In case it was unclear, the heart of New Pokémon Snap is about taking pictures of Pokémon. Sure, you might occasionally come across two Bouffalant crashing into each other or a pack of Mightyena angrily chasing after a Furret, but this is a largely peaceful game without a lot of conflict. Players travel through each course taking pictures of Pokémon in the wild to fill out the Photodex, New Pokémon Snap’s photography-focused take on the traditional Pokédex. Each picture is then evaluated and given a star rating, from one to four stars, and a numeric score.

The simplest way to think of the star rating is as a measure of excitement in your photograph. If you take a picture of a Charizard that is simply standing still, it will only be worth one star, but capture a shot of that same Charizard unleashing a flamethrower at an angry Tyrantrum and it might be worth four stars. At the same time, the quality of the photo earns a point score which determines if your photo receives a bronze, silver, gold, or platinum rating. Was the subject facing the camera, was it centered, and were other Pokémon in the shot, are all questions that affect the number of points a photo receives. Honestly, the rating system is not great. I have talked at lengths about my sentiments regarding games that encourage or offer avenues for improvement and the importance of feedback in that process. New Pokémon Snap does not really tell you what went wrong or why a particular photo received its rating, so players are largely at the mercy of a system that can often feel subjective.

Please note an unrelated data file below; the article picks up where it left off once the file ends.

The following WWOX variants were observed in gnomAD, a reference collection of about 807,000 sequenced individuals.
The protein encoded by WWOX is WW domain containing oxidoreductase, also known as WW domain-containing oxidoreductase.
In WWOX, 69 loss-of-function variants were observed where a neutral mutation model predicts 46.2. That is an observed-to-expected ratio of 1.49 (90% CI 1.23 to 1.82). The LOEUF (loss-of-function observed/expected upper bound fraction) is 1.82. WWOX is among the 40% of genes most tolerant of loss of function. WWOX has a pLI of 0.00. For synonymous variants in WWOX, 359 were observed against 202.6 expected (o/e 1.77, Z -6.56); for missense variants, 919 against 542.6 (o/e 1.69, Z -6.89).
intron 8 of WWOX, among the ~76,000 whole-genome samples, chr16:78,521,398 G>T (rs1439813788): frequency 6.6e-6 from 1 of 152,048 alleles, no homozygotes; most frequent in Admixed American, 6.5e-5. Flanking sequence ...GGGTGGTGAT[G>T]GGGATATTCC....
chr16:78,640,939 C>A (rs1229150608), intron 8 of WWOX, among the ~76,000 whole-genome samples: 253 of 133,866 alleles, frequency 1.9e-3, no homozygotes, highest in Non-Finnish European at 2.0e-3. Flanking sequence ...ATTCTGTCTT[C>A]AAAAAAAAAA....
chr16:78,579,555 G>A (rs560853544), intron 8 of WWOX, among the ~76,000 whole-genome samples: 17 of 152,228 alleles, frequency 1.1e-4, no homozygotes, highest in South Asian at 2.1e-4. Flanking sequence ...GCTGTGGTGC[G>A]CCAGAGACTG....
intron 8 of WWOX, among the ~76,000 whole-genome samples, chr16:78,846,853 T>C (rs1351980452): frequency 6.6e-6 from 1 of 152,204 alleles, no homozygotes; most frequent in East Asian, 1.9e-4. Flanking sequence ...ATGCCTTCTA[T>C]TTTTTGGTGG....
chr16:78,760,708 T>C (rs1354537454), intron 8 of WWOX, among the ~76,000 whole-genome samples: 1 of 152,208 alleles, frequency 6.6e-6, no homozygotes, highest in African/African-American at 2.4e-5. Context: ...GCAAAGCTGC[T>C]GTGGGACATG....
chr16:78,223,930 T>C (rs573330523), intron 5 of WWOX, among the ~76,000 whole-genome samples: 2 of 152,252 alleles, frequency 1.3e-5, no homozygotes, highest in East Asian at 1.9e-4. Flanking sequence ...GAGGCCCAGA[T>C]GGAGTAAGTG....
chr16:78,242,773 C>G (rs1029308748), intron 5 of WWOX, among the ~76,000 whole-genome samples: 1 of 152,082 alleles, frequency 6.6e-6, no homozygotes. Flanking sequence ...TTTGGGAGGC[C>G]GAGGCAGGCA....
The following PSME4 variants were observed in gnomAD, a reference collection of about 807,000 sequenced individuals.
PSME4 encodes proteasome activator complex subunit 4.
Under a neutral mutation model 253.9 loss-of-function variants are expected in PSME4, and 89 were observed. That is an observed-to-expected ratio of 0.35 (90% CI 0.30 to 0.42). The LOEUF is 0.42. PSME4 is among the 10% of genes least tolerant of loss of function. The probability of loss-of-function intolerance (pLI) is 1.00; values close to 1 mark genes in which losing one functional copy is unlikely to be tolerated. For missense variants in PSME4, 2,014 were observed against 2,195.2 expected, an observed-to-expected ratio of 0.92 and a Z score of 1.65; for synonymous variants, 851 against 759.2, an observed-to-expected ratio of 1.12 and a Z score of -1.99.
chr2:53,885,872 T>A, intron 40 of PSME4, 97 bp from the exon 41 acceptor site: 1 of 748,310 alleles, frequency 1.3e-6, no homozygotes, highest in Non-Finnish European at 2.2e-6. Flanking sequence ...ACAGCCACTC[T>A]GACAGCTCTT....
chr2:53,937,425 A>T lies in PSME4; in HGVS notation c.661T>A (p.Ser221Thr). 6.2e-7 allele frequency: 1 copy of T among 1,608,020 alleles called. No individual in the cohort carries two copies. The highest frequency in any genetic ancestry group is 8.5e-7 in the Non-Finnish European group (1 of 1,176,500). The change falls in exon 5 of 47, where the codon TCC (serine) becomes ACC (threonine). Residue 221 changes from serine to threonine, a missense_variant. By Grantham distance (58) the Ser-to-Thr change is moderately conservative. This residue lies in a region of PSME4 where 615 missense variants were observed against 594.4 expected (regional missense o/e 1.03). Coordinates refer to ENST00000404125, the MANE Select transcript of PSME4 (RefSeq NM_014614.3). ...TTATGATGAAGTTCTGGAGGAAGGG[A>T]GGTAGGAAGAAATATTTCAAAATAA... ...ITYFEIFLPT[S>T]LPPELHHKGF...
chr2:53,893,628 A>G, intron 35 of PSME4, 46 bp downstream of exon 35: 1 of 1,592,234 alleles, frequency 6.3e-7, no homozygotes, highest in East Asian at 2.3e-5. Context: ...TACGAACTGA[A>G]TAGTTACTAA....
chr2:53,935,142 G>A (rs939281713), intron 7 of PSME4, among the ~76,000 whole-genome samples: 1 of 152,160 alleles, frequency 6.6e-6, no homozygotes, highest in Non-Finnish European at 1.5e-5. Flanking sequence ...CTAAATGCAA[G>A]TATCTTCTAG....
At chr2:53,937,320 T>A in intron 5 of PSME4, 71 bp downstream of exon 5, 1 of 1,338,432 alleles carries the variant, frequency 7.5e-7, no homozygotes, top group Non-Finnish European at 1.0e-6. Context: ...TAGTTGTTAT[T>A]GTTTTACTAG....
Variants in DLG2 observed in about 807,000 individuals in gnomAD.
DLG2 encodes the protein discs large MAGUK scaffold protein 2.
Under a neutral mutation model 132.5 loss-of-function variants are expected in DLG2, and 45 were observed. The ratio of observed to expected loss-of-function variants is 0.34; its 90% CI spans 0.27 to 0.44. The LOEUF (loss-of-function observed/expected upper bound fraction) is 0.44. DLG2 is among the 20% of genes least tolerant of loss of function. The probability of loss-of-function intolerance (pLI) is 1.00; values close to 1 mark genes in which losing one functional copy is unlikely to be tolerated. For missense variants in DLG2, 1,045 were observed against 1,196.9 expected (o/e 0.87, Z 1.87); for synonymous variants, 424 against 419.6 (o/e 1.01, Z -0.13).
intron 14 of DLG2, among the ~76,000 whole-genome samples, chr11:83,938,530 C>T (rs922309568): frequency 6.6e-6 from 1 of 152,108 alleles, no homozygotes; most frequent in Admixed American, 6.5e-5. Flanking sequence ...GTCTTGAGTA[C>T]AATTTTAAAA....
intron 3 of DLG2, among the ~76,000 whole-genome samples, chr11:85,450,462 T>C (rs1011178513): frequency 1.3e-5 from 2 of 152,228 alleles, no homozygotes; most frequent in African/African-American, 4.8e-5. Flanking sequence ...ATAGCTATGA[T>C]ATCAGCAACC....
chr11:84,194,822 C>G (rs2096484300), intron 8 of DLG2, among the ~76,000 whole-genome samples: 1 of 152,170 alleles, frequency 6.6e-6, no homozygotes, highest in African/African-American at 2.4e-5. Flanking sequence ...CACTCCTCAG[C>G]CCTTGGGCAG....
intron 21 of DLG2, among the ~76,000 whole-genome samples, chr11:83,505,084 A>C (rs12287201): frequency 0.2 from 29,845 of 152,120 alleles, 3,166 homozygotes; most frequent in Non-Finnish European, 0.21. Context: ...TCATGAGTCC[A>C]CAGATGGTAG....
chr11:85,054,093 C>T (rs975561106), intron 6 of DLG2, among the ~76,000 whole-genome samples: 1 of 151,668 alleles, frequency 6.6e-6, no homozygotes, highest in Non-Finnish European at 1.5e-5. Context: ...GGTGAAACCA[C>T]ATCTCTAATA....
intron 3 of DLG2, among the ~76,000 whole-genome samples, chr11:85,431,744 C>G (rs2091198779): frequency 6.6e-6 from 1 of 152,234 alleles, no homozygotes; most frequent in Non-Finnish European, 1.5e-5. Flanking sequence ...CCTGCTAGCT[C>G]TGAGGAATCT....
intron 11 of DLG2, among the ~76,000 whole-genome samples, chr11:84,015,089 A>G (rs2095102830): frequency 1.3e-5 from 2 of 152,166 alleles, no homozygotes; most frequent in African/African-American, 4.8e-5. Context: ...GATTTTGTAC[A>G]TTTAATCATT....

Completing the Photodex only requires capturing a single picture of each Pokémon at any rating, but players are encouraged to capture the best photo of each Pokémon at each star rating and that is the challenge of New Pokémon Snap. While the routes and encounters on each stage are essentially fixed, it is a puzzle to figure out how to elicit the unique behaviors from the different Pokémon. Sometimes it is as simple as throwing a fruit or playing a tune, but some photo opportunities require triggering reactions from nearby Pokémon or solving environmental puzzles. One annoyance is that the game only lets players evaluate one picture for each Pokémon from each run which felt like a cheap trick to boost replayability. Given this limitation, I found the best solution was to let the system pick the best photo, rather than deciding for myself. While it is the most optimal solution, it also removes some agency from players which is admittedly not a great feeling. The game keeps track of your highest scores and after each run, the points are tabulated which contribute to the Research Level of the course. Increasing the Research Level makes the Pokémon more trusting which creates new photo opportunities, causes new Pokémon to appear, and can unlock alternative routes.